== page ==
A mother’s positive status for hepatitis B e antigen (HBeAg) and increased levels of hepatitis B virus (HBV) DNA were independent risk factors for neonatal HBV infection, according to Chinese researchers. But risks were lower for infants delivered by cesarean section.
In this study, published in the Journal of Clinical Gastroenterology, all infants who acquired HBV intrauterine infection were born to HBeAg-positive mothers. And, pregnant women with high HBV viral load (>107 copies/mL) were more likely than mothers with low HBV DNA levels to transmit HBV to their children in utero, researchers found.
More than 350 million people worldwide have chronic HBV infection, and intrauterine transmission occurs in 5% to 10% of infants in regions where chronic HBV infection is highly endemic. Several previous studies showed that positive status for HBeAg and high levels of HBV DNA correlate with increased risk of mother-to-child HBV transmission.
The investigators of the current study, led by Songxu Peng, MD, Tongjhi Medical College, Huazhong University of Science and Technology, Wuhan, China, directed their efforts toward identifying potential risk factors of intrauterine HBV transmission. “The intrauterine transmission of HBV significantly contributes to the persistence of a high number of patients infected with HBV,” they wrote. “However, its risk factors remain unclear.”
To address this challenge, they performed a prospective study of women who gave birth from June 2012 to December 2016 at Wuhan Medical Care Center for Women and Children, Wuhan, China.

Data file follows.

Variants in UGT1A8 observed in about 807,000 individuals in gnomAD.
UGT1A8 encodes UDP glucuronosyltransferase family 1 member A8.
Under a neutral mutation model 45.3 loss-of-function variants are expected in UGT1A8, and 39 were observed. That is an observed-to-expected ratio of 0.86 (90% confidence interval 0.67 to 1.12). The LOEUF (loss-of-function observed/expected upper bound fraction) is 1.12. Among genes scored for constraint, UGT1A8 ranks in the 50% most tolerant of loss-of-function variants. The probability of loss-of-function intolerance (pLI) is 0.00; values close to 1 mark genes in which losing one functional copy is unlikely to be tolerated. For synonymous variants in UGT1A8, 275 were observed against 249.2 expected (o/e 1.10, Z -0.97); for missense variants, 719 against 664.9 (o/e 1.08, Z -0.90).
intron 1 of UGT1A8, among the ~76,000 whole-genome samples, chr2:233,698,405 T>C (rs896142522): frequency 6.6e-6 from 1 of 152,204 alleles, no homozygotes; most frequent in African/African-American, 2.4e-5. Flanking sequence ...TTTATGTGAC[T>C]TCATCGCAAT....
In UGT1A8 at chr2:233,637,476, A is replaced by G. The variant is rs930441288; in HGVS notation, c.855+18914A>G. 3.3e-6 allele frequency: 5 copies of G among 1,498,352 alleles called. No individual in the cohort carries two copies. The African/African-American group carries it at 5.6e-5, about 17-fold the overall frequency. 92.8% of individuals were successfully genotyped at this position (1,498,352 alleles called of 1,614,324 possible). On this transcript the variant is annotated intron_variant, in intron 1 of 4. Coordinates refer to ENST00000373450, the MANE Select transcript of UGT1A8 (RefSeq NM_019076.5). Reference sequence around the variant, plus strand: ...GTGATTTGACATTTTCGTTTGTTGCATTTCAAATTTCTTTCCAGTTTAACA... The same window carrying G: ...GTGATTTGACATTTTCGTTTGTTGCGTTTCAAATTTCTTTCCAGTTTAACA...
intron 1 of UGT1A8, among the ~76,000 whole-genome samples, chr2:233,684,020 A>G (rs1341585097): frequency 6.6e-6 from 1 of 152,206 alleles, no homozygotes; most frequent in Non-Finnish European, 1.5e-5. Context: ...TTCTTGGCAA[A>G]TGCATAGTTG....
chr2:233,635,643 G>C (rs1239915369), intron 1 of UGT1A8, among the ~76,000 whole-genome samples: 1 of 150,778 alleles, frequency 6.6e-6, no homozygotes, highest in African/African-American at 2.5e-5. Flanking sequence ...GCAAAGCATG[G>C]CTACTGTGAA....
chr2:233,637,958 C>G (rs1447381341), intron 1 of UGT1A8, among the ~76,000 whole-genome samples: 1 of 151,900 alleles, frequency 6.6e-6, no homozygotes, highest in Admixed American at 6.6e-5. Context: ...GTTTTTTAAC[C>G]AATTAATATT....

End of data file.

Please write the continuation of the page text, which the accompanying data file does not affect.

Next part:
All pregnant patients were screened for HBV and antibodies against other infections before going into labor. Of the women who tested positive for hepatitis B surface antigen (HBsAg), 1,200 met enrollment criteria. Intrauterine transmission was defined as occurring in infants who were HBsAg positive both at birth and at age 7 months.
Of the 1,219 infants born to the 1,200 mothers, 0.9% were identified with intrauterine transmission of HBV. Maternal HBeAg positivity was confirmed as an independent risk factor. All mothers in the intrauterine transmission group showed HBeAg positivity compared with women who did not experience intrauterine transmission (100% vs 17.5%, P < 0.001). Younger women were more often HBeAg-positive than older women.
As expected, mothers in the transmission group also had higher levels of HBV DNA compared with women who did not transmit HBV (P < 0.001). Each log10 copies/mL increase in HBV DNA level increased the odds of intrauterine transmission by more than five-fold (P=0.019). Researchers labeled the viral load of HBV DNA “the strongest predictor of HBV intrauterine transmission.”
The results also support previous studies that concluded infants delivered vaginally were more likely to become infected with HBV than those born via cesarean section. This study found that the rate of infection during spontaneous delivery was 11.4% compared with 4.1% for cesarean delivery (P < 0.001).
The incidence of intrauterine HBV transmission—0.9%—was lower in this study than in many others (5% to 40%), the authors noted. Investigators suggested possible reasons for the disparity included “different criteria for the diagnosis of HBV intrauterine transmission, and different sample sizes and study designs.”
The authors concluded that further studies “are warranted to clarify the possible mechanism underlying these associations.”
This research was supported by the National Natural Science Foundation of China.